- Space Vikings: The script for the movie compares the Equestroid civilization to vikings.
- Verbal Tic: He whinnies like a horse.
One of the Prairie People, a race of rodent-like aliens native to New Texas, Fuzz joins Bravestarr and Thirty-Thirty in bringing justice to his homeworld.
Tropes associated with Deputy Fuzz:
- Barefoot Cartoon Alien: Like most of the Prairie People, Fuzz wears no shoes.
- Cunning Linguist: Picks up pidgin English in a matter of hours, and often acts as a translator between the characters and the Prairie People.
- Mr. Fixit: A common trait for the Prairie People. He's amazing with tech and machinery; in the pilot movie he's able to get a laser cannon up and going in a manner of seconds, and for an encore he mends the Mayor's broken watch in roughly the same amount of time.
- Nice Hat: With a deputy star, to boot.
- Non-Human Sidekick: To Bravestarr. He's an alien.
- Tunnel King: He can tunnel through the ground fairly rapidly.
- Undying Loyalty: To Bravestarr, as expressed at the end of "Fallen Idol"."You're still my hero, Bravestarr."
- You Don't Look Like You: The theatrical poster◊ shows him with a proper beard. Possibly an early design.
- You No Take Candle: He regularly uses broken English.
Judge J.B. McBride
After Bravestarr arrests the criminals, J.B. oversees their trials. She also fights the villains when necessary.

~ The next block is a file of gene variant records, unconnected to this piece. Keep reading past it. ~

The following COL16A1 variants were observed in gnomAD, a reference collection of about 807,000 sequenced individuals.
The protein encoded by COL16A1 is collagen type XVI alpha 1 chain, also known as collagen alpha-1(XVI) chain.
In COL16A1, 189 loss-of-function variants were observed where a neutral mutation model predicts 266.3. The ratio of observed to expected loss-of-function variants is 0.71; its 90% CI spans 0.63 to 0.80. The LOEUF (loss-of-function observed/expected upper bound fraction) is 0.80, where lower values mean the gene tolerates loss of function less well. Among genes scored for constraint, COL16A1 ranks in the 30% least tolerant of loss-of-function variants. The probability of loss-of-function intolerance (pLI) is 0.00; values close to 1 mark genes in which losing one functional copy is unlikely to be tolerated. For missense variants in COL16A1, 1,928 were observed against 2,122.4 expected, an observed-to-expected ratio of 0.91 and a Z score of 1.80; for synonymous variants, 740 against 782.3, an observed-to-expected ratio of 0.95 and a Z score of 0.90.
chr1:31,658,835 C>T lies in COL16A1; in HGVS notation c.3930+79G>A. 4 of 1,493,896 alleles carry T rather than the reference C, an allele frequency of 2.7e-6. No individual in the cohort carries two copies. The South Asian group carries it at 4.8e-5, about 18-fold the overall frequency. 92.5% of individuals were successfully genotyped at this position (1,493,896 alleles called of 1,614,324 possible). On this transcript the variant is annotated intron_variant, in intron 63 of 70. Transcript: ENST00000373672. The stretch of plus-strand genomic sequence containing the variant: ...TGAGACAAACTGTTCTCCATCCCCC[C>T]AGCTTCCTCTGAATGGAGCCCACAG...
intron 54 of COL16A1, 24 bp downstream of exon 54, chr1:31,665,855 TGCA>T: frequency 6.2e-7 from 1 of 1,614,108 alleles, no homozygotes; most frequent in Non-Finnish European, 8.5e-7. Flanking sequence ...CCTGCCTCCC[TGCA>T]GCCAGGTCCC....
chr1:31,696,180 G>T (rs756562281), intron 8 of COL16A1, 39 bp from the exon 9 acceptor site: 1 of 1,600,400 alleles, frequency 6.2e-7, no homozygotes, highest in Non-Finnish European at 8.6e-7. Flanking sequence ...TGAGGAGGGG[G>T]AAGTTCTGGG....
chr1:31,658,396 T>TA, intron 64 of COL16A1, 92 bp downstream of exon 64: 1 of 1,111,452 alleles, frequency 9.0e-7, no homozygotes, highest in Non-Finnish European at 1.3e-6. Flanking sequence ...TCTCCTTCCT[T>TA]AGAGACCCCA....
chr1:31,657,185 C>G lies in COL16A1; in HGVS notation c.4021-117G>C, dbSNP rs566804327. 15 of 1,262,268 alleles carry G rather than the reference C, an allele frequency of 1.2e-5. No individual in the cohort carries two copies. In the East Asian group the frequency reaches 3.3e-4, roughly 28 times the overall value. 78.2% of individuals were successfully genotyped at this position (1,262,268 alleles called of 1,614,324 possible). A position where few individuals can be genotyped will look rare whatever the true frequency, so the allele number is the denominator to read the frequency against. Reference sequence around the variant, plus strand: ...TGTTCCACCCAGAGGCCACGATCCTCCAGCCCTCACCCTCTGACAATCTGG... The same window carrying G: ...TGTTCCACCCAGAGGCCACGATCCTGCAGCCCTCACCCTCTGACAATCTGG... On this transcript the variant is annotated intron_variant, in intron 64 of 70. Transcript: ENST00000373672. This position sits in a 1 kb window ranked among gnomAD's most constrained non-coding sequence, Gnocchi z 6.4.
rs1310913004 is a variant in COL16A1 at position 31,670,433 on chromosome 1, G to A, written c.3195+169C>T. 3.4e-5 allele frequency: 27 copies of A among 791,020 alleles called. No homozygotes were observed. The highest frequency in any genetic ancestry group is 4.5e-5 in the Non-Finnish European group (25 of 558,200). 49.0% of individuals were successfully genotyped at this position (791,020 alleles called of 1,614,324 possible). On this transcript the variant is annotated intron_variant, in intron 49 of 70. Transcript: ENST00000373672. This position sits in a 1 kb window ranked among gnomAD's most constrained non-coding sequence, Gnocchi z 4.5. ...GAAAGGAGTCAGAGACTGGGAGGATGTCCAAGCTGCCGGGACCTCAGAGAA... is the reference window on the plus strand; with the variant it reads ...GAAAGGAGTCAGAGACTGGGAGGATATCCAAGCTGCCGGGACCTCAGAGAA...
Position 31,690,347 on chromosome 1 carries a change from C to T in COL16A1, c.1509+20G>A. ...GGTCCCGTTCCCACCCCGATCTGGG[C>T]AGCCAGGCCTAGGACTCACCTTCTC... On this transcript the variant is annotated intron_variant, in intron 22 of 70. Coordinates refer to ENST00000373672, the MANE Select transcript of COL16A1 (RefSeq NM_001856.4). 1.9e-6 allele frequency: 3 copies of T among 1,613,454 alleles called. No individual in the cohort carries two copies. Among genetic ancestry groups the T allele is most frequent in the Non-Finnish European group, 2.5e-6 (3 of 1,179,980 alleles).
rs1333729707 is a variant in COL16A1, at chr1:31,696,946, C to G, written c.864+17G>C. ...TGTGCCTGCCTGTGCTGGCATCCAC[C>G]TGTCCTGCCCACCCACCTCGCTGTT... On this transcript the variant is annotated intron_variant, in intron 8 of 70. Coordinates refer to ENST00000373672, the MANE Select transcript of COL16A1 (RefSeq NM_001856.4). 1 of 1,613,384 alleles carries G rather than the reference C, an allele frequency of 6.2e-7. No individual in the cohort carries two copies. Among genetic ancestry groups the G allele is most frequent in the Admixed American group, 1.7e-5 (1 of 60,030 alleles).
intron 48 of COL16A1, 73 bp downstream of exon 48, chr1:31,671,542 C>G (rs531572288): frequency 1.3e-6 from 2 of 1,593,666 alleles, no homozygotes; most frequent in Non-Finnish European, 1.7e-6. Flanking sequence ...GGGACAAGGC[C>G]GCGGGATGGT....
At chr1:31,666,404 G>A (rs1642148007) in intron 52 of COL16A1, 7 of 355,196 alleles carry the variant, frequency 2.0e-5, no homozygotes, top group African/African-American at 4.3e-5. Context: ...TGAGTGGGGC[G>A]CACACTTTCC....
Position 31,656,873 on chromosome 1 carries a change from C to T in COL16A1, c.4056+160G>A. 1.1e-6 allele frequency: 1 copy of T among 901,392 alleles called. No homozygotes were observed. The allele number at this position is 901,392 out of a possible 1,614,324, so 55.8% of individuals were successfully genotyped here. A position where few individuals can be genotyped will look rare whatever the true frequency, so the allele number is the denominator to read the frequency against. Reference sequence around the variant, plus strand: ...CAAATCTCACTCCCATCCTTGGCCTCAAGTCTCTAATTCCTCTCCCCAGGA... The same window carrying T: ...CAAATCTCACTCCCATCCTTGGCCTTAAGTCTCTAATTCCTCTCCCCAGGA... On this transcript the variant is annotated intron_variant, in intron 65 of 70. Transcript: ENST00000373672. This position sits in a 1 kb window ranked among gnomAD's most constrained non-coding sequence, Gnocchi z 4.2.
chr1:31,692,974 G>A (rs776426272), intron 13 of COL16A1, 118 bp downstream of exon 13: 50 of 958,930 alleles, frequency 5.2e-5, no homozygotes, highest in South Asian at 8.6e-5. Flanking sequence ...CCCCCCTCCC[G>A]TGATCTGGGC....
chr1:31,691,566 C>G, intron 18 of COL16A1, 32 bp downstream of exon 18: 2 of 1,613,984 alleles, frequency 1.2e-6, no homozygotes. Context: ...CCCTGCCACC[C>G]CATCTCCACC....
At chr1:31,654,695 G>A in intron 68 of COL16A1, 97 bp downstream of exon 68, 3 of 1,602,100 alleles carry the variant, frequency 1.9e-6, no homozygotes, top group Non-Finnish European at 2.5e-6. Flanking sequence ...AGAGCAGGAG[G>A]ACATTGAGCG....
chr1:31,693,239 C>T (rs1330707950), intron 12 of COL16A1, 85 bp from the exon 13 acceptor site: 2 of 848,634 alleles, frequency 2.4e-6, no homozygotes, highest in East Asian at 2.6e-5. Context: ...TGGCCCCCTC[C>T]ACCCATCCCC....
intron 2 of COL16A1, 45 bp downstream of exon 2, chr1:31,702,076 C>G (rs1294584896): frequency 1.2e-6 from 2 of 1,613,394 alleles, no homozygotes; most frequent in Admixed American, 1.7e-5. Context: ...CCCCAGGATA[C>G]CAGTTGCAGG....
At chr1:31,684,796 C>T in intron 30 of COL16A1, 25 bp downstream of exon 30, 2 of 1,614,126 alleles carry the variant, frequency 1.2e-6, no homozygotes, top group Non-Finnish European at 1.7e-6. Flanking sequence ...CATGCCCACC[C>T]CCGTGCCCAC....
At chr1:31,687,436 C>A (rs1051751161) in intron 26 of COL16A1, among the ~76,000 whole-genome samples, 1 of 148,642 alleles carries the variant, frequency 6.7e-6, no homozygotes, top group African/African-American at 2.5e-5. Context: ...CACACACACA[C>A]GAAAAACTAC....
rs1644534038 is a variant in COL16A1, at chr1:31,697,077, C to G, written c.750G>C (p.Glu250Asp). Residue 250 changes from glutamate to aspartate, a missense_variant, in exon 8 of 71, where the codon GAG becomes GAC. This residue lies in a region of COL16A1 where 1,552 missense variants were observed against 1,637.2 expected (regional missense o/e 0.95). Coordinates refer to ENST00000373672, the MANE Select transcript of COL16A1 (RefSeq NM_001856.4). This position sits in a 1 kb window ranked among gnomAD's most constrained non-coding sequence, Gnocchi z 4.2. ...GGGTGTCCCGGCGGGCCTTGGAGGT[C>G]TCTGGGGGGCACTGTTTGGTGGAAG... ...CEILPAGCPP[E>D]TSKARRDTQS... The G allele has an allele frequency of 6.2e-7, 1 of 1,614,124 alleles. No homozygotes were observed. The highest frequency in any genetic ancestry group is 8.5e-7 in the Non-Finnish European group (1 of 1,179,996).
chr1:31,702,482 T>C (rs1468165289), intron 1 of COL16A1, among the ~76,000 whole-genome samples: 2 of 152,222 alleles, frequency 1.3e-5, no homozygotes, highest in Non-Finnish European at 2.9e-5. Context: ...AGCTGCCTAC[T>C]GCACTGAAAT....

Tropes associated with Judge J.B.:
- Action Girl: At least some of the time.
- Because You Were Nice to Me: The Prairie People gave her the Hammer of Justice, a set of clothes more suited to the climate of New Texas, and souped up her TurboMule into a TurboStallion just because she was the first human to be kind to them.
- Drop the Hammer: Her gavel, the Hammer of Justice. It's a Swiss Army Weapon to boot.
- Fiery Redhead: Sort of played with. J.B. can be easy-going and calm most of the time, but she does have her moments. Her father notes that she inherited his temper.
- The Judge: She tells Bravestarr she's a good one. She'd better be, since she's the only one on the planet.
- Legendary Weapon: The Hammer of Justice hails from a bygone age when the Prairie People were a warrior race.
- Love Interest: To Bravestarr.
- The Smurfette Principle: The only female character among the main heroes.
Bravestarr's beloved mentor, who raised him as a youth and still offers him sage advice.
Tropes associated with The Shaman:
- All-Powerful Bystander: Sometimes comes off this way, particularly in "The Price".
- The Archmage: A powerful and wise sorcerer who's strong enough to stalemate the local Satanic Archetype, at least for a while.
- Big Good: Has the mystical might to stand up to Stampede himself, if he must.
- Eccentric Mentor: Tends to couch his teachings in the form of stories or fables.
- Everyone Calls Him "Barkeep": His name is unrevealed.
- Magical Native American: Or the space equivalent.
- Magitek: His tools are shown to have microcircuits and such within them which aid his magic.
- Meaningful Name: It's his name and profession!
- My Significance Sense Is Tingling: That's what he's there for. Well, one reason.
- No Doubt the Years Have Changed Me: Bravestarr doesn't recognize him at first.
- Spock Speak: His manner of speech is this.
The leader of the Carrion Bunch, the outlaw gang that commits most of the crimes on New Texas. He was once an ordinary miner until Stampede transformed him physically and mentally, giving him magical powers in the process.
Tropes associated with Tex Hex:
- Abnormal Ammo: Can stick "Hexloads" into his "Hexmaker" gun, which have different magical effects.
- Amazing Technicolor Population: Flashbacks indicate that his purple skin isn't a result of coming Back from the Dead.